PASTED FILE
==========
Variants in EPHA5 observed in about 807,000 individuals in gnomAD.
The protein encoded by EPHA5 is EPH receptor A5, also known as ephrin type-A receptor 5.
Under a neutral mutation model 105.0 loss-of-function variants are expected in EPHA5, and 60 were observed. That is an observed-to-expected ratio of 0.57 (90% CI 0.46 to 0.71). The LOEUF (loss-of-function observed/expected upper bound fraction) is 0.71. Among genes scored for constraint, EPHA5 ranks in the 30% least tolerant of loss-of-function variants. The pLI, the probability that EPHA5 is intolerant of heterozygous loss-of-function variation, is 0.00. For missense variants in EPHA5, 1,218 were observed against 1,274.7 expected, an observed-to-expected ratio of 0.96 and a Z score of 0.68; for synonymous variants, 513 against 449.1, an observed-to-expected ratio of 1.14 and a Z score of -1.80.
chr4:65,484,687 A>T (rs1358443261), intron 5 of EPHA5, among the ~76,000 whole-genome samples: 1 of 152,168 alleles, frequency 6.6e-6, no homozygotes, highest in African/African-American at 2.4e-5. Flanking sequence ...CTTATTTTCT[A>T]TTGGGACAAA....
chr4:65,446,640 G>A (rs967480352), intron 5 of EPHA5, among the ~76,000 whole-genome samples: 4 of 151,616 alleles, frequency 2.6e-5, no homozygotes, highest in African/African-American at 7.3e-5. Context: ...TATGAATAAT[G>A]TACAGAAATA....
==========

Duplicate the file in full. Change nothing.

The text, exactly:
Variants in EPHA5 observed in about 807,000 individuals in gnomAD.
The protein encoded by EPHA5 is EPH receptor A5, also known as ephrin type-A receptor 5.
Under a neutral mutation model 105.0 loss-of-function variants are expected in EPHA5, and 60 were observed. That is an observed-to-expected ratio of 0.57 (90% CI 0.46 to 0.71). The LOEUF (loss-of-function observed/expected upper bound fraction) is 0.71. Among genes scored for constraint, EPHA5 ranks in the 30% least tolerant of loss-of-function variants. The pLI, the probability that EPHA5 is intolerant of heterozygous loss-of-function variation, is 0.00. For missense variants in EPHA5, 1,218 were observed against 1,274.7 expected, an observed-to-expected ratio of 0.96 and a Z score of 0.68; for synonymous variants, 513 against 449.1, an observed-to-expected ratio of 1.14 and a Z score of -1.80.
chr4:65,484,687 A>T (rs1358443261), intron 5 of EPHA5, among the ~76,000 whole-genome samples: 1 of 152,168 alleles, frequency 6.6e-6, no homozygotes, highest in African/African-American at 2.4e-5. Flanking sequence ...CTTATTTTCT[A>T]TTGGGACAAA....
chr4:65,446,640 G>A (rs967480352), intron 5 of EPHA5, among the ~76,000 whole-genome samples: 4 of 151,616 alleles, frequency 2.6e-5, no homozygotes, highest in African/African-American at 7.3e-5. Context: ...TATGAATAAT[G>A]TACAGAAATA....